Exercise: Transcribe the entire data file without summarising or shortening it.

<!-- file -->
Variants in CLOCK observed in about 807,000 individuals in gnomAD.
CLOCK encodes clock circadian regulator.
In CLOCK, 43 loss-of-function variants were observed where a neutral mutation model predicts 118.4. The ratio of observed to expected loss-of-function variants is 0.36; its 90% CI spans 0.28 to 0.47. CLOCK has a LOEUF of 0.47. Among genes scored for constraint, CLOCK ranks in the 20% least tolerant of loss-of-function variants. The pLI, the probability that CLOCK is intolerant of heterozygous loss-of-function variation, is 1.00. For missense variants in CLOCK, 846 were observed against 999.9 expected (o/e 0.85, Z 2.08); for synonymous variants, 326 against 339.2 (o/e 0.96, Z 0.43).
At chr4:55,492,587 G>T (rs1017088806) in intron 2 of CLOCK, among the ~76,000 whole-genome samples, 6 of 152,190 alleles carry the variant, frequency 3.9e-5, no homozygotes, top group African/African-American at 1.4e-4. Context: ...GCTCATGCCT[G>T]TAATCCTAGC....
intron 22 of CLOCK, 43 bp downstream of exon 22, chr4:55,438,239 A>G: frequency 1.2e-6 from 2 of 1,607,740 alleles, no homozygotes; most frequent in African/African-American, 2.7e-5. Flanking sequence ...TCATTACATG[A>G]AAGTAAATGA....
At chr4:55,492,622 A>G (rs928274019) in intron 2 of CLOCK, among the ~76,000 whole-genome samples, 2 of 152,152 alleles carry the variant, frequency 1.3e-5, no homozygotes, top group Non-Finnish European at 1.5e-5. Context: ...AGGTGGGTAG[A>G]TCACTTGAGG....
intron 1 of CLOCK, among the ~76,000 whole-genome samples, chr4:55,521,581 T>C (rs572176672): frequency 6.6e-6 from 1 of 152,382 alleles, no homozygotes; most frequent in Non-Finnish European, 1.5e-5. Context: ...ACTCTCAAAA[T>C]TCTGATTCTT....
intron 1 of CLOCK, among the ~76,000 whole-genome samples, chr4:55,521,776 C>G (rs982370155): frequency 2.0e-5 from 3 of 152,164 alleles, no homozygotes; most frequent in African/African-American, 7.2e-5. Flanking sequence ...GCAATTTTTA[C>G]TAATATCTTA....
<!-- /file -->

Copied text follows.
Variants in CLOCK observed in about 807,000 individuals in gnomAD.
CLOCK encodes clock circadian regulator.
In CLOCK, 43 loss-of-function variants were observed where a neutral mutation model predicts 118.4. The ratio of observed to expected loss-of-function variants is 0.36; its 90% CI spans 0.28 to 0.47. CLOCK has a LOEUF of 0.47. Among genes scored for constraint, CLOCK ranks in the 20% least tolerant of loss-of-function variants. The pLI, the probability that CLOCK is intolerant of heterozygous loss-of-function variation, is 1.00. For missense variants in CLOCK, 846 were observed against 999.9 expected (o/e 0.85, Z 2.08); for synonymous variants, 326 against 339.2 (o/e 0.96, Z 0.43).
At chr4:55,492,587 G>T (rs1017088806) in intron 2 of CLOCK, among the ~76,000 whole-genome samples, 6 of 152,190 alleles carry the variant, frequency 3.9e-5, no homozygotes, top group African/African-American at 1.4e-4. Context: ...GCTCATGCCT[G>T]TAATCCTAGC....
intron 22 of CLOCK, 43 bp downstream of exon 22, chr4:55,438,239 A>G: frequency 1.2e-6 from 2 of 1,607,740 alleles, no homozygotes; most frequent in African/African-American, 2.7e-5. Flanking sequence ...TCATTACATG[A>G]AAGTAAATGA....
At chr4:55,492,622 A>G (rs928274019) in intron 2 of CLOCK, among the ~76,000 whole-genome samples, 2 of 152,152 alleles carry the variant, frequency 1.3e-5, no homozygotes, top group Non-Finnish European at 1.5e-5. Context: ...AGGTGGGTAG[A>G]TCACTTGAGG....
intron 1 of CLOCK, among the ~76,000 whole-genome samples, chr4:55,521,581 T>C (rs572176672): frequency 6.6e-6 from 1 of 152,382 alleles, no homozygotes; most frequent in Non-Finnish European, 1.5e-5. Context: ...ACTCTCAAAA[T>C]TCTGATTCTT....
intron 1 of CLOCK, among the ~76,000 whole-genome samples, chr4:55,521,776 C>G (rs982370155): frequency 2.0e-5 from 3 of 152,164 alleles, no homozygotes; most frequent in African/African-American, 7.2e-5. Flanking sequence ...GCAATTTTTA[C>G]TAATATCTTA....